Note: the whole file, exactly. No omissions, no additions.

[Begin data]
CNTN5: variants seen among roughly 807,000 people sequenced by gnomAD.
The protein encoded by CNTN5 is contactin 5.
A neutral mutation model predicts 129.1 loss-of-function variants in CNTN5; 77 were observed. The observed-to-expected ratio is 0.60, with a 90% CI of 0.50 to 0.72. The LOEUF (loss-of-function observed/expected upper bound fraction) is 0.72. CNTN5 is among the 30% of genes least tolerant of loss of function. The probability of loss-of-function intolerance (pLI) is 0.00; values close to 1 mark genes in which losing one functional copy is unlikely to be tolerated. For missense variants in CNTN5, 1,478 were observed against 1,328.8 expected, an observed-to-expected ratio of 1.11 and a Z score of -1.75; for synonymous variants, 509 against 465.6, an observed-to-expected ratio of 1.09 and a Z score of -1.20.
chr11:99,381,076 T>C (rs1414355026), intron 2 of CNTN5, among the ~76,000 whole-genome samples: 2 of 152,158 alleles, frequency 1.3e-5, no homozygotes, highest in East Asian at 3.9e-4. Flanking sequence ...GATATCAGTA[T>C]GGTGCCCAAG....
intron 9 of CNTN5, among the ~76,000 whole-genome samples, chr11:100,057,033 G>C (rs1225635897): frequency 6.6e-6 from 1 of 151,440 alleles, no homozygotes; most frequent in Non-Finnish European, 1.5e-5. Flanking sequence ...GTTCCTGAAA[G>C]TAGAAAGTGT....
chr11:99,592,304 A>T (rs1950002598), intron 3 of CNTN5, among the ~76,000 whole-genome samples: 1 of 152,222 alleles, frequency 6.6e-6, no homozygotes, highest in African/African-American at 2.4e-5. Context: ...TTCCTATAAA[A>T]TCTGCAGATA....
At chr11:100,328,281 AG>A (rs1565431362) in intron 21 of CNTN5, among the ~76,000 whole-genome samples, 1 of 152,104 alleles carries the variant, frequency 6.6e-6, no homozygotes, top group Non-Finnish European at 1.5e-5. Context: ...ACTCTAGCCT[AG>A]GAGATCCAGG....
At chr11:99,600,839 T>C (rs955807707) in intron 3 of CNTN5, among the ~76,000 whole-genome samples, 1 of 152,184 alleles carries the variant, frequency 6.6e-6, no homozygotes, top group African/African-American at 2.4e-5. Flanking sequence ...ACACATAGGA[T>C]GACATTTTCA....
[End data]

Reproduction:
CNTN5: variants seen among roughly 807,000 people sequenced by gnomAD.
The protein encoded by CNTN5 is contactin 5.
A neutral mutation model predicts 129.1 loss-of-function variants in CNTN5; 77 were observed. The observed-to-expected ratio is 0.60, with a 90% CI of 0.50 to 0.72. The LOEUF (loss-of-function observed/expected upper bound fraction) is 0.72. CNTN5 is among the 30% of genes least tolerant of loss of function. The probability of loss-of-function intolerance (pLI) is 0.00; values close to 1 mark genes in which losing one functional copy is unlikely to be tolerated. For missense variants in CNTN5, 1,478 were observed against 1,328.8 expected, an observed-to-expected ratio of 1.11 and a Z score of -1.75; for synonymous variants, 509 against 465.6, an observed-to-expected ratio of 1.09 and a Z score of -1.20.
chr11:99,381,076 T>C (rs1414355026), intron 2 of CNTN5, among the ~76,000 whole-genome samples: 2 of 152,158 alleles, frequency 1.3e-5, no homozygotes, highest in East Asian at 3.9e-4. Flanking sequence ...GATATCAGTA[T>C]GGTGCCCAAG....
intron 9 of CNTN5, among the ~76,000 whole-genome samples, chr11:100,057,033 G>C (rs1225635897): frequency 6.6e-6 from 1 of 151,440 alleles, no homozygotes; most frequent in Non-Finnish European, 1.5e-5. Flanking sequence ...GTTCCTGAAA[G>C]TAGAAAGTGT....
chr11:99,592,304 A>T (rs1950002598), intron 3 of CNTN5, among the ~76,000 whole-genome samples: 1 of 152,222 alleles, frequency 6.6e-6, no homozygotes, highest in African/African-American at 2.4e-5. Context: ...TTCCTATAAA[A>T]TCTGCAGATA....
At chr11:100,328,281 AG>A (rs1565431362) in intron 21 of CNTN5, among the ~76,000 whole-genome samples, 1 of 152,104 alleles carries the variant, frequency 6.6e-6, no homozygotes, top group Non-Finnish European at 1.5e-5. Context: ...ACTCTAGCCT[AG>A]GAGATCCAGG....
At chr11:99,600,839 T>C (rs955807707) in intron 3 of CNTN5, among the ~76,000 whole-genome samples, 1 of 152,184 alleles carries the variant, frequency 6.6e-6, no homozygotes, top group African/African-American at 2.4e-5. Flanking sequence ...ACACATAGGA[T>C]GACATTTTCA....